If you can’t SEE what the problem is…you’re probably the kind of person who thinks its OK to bring 6 dogs unannounced to a Chinese restaurant. Sorry, life sucks when you can’t see where the buffet is, but sometimes life just sucks. Maybe I dont want a well-trained German Shepard salivating over my crab rangoons….who is being descriminated against, you or ME. You have no problem wailing about your rights, what about mine? And by the way we would have more sympathy for “service dogs” if they were strictly for the blind but when people with “anxiety” or “social phobia” start making noise about bringing thier lapdogs onto airplanes…they are diluting the arguement. Rail against them, before you cry discrimination against us.

    1. michele says:

      Damn, that is one TALL GS. Salivating, really? BTW, PTSD survivors who have suffered at war, through rape, etc. are issued service dogs as support to keep them calm in public. When you have experienced such anxiety or panic that it shuts you down, rendering you disabled; perhaps THEN you can ” ” the disorder. Meanwhile, you imply that these people, who have already been through so much… should be forced a life of misanthropic solitude, rather than utilize service dogs in their potentil rehabilition? Maybe we should just give them TONS of drugs which will ruin their lives in another way. That is a better solution, huh?

    2. MarkinFL says:

      The point is that well-trained dogs will not be salivating over your rangoons. Your personal issues are yours, I’ve never been inconvenienced in the least by a service animal. All the complaints I read here are theoretical or just personal taste issues. I don’t like to eat around people with bad manners, but that’s my problem. If you do not like being around service animals you do have the choice to leave. But it is your own choice, you are not being pushed out.

    3. Bridget says:

      First of all, I would hope that the handler would have more sense than to allow their dogs to get that close to the food. Second, is there only one type of disability? No. Then what makes you think that there is only one type of service dog? Dogs actually do help people with severe anxiety, depression, and other psychiatric conditions, as well as with mobility, seizures, and deafness. Imagine that.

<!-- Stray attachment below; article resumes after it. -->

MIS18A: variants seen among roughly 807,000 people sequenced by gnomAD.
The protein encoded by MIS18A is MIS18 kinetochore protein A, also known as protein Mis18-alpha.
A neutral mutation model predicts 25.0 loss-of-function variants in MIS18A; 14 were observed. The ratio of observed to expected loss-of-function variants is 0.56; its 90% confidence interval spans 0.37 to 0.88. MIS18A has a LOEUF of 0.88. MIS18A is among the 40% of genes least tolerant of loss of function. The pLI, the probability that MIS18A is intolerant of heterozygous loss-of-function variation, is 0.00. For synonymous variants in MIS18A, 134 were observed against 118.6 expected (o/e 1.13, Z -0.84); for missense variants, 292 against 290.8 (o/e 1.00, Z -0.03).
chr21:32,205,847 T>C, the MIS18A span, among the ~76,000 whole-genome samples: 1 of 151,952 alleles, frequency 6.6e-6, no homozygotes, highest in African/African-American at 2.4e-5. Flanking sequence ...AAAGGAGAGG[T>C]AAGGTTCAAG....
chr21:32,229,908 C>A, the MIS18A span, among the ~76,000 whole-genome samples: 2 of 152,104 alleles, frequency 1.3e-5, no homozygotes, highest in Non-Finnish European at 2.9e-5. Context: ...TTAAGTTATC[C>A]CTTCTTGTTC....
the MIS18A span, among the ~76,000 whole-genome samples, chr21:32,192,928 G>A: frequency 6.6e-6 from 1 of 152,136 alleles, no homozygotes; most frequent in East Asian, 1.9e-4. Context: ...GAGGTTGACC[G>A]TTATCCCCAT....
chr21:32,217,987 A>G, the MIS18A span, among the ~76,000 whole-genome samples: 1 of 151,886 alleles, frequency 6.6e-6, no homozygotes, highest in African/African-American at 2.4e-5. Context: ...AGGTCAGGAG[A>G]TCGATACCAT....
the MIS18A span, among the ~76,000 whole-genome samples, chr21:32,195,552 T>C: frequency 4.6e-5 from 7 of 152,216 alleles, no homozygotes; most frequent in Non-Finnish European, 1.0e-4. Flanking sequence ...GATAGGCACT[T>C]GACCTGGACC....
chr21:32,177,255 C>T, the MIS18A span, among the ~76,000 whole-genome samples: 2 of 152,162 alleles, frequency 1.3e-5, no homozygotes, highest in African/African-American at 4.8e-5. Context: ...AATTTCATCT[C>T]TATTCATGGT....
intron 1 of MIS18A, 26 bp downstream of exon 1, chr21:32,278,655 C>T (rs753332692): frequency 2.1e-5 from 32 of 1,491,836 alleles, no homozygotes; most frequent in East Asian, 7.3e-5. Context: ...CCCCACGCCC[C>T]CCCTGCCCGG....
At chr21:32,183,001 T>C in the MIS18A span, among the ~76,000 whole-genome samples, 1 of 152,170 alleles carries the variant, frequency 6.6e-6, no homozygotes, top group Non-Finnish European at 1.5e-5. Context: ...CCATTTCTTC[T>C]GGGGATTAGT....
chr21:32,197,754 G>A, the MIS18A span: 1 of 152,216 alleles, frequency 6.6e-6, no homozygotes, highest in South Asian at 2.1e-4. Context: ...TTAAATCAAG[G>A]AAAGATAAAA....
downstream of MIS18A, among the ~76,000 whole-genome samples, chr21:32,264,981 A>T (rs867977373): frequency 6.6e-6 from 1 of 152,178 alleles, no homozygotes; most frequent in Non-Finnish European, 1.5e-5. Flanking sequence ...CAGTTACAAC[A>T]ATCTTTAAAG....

29. G.O.D. says:

    I’m noticing many of the same posters railing against the comments of those who do not care for eating around dogs. I am allergic to dogs. I am also not an aggressively needy customer that apparently doesn’t have even one courteous enough person amongst them to take 5 seconds to get on their little iPhone, google the restaurant’s #, call them, and warn them. I’m not talking about asking permission, and quit acting like 6 dogs in a public place where dogs are otherwise prohibited is in any way normal or sanitary. At least a call would have lessened the initial surprise and enabled the business to keep a place slightly out of the way to more easily accommodate ALL customers.

    1. MarkinFL says:

      Can you identify the specific additional sanitary problems that would have been caused by the service animals?

  30. Dawn says:

    I have multiple chemical sensitivity (a disability), and I am very allergic to dogs. My disability is very difficult to live with.

    If six dogs came into a restaurant where I was eating, my lungs would slam shut very quickly, and I would have to be taken to the hospital by ambulance.

    There are people who do not have multiple chemical sensitivity who are very allergic to dogs/cats. 25 million Americans have the dog/cat allergy.

    I am sure that the six blind people are not unaware that many people are severely allergic to dogs.

    There might have been a way to accommodate the six dogs, especially given the time of year. Was patio dining an option? Clearly, the way to handle this would have been for the organizer of the gathering to call and discuss things in advance.

    The restaurant would have been in the wrong to not accommodate one or possibly two service dogs. However, expecting the restaurant to accommodate six service dogs at one time, with no notice or advance warning, is unfair to the restaurant owner.

    1. MarkinFL says:

      And with the advanced warning the restauranteur could have done….. what?

      Also, 25 million people may have some sensitivity to dogs (I don’t know that, but just say it is accurate), how many are extremely sensitive?
      Your post pretty blatantly tries to imply that many more people have severe allergies. Are you allergic to any other environmental chemicals or is it just dogs and cats? What about the dander on dog owners?

      1. Dawn says:

        Most people with multiple chemical sensitivity are also very allergic to dogs and cats.

        Six dogs in one room would sicken plenty of people who don’t have MCS.

        My post does not “imply” that many more people have serious allergies, it STATES THE FACT that many more people have severe allergies.

        On real estate disclosure paperwork, the failure of a property owner to disclose that dogs and cats lived in the house being sold will land him/her in court. People with the dog/cat allergy cannot move into a home where dogs or cats have lived.

        Pet hair on a dog owner’s clothes is not the same thing as having six 80# dogs in a dining room.